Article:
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The UVic, UBCO, and UC members are travelling separately, but we are all at our respective airports and if our group chat is any indication, we are all excited!
I have to admit when we first started playing with the MUSE EEG headband back in 2013 in my lab at Dalhousie I never thought it would lead to this.
But here we are, en route to see if tech we have developed can be used to accurately monitor brain health and performance to support exploration in Outer Space.
My inner geek is beyond excited. My neuroscience self is so curious.
To be fair, we already know the tech works. We have tested over 1500 people in a variety of settings and we know we can do this. We just need to show it works in this particular situation, which it will.
I was speaking at Cafe Scientifique the other night and asked a simple question:
"What if we could peer into you brain and know what is wrong, right now, with 100% accuracy?"
Imagine a world where you knew if you had cognitive impairment, dementia, or Alzheimers.
Imagine a world where you knew if your recovery concussion was not progressing they way you hoped it would.
Imagine a world where you could do things to tweak your brain performance and see the results instantaneously.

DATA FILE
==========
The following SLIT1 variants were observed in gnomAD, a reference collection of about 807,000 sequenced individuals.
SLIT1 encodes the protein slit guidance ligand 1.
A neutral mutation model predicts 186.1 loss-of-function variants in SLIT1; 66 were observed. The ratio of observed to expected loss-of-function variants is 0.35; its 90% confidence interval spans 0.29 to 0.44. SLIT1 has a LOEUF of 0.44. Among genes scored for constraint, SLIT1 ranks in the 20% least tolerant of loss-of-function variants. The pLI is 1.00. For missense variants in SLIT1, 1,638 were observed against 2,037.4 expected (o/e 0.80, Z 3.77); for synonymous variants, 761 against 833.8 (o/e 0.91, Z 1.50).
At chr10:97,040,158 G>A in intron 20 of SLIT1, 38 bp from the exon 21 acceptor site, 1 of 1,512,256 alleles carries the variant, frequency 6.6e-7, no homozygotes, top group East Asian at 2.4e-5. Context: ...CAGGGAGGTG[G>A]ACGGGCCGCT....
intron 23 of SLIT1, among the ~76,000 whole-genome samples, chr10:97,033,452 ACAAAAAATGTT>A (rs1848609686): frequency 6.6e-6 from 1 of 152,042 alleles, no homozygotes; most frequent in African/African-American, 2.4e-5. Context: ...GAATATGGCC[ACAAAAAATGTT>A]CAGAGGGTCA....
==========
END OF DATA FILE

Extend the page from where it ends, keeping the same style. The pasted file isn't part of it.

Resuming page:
Well, our tech is that world. As we continue to improve, expand, and validate our brain health and performance assessment we can answer these questions and create that world.
T Minus Four
Tomorrow we all get on a plane to head to Hawaii and begin our research project. Our current schedule is:
Nov 28: In transit
Nov 29 to 30: Crew training
Dec 1 to Dec 8: In the HISEAS Habitat for our mission
Dec 9: Debrief
We are all excited and ready to go! I think every child dreams of being an astronaut. I know this is now quite the same, but it is good enough for me. To see tech that we developed deployed in the HISEAS Habitat will be a career high for me.
I got asked about what we had to do to get ready to go.
Physically, we have all been exercising more as the "mars walks" in a space suit are apparently quite physically demanding. I think we have all been watching our diets a bit more closely as well.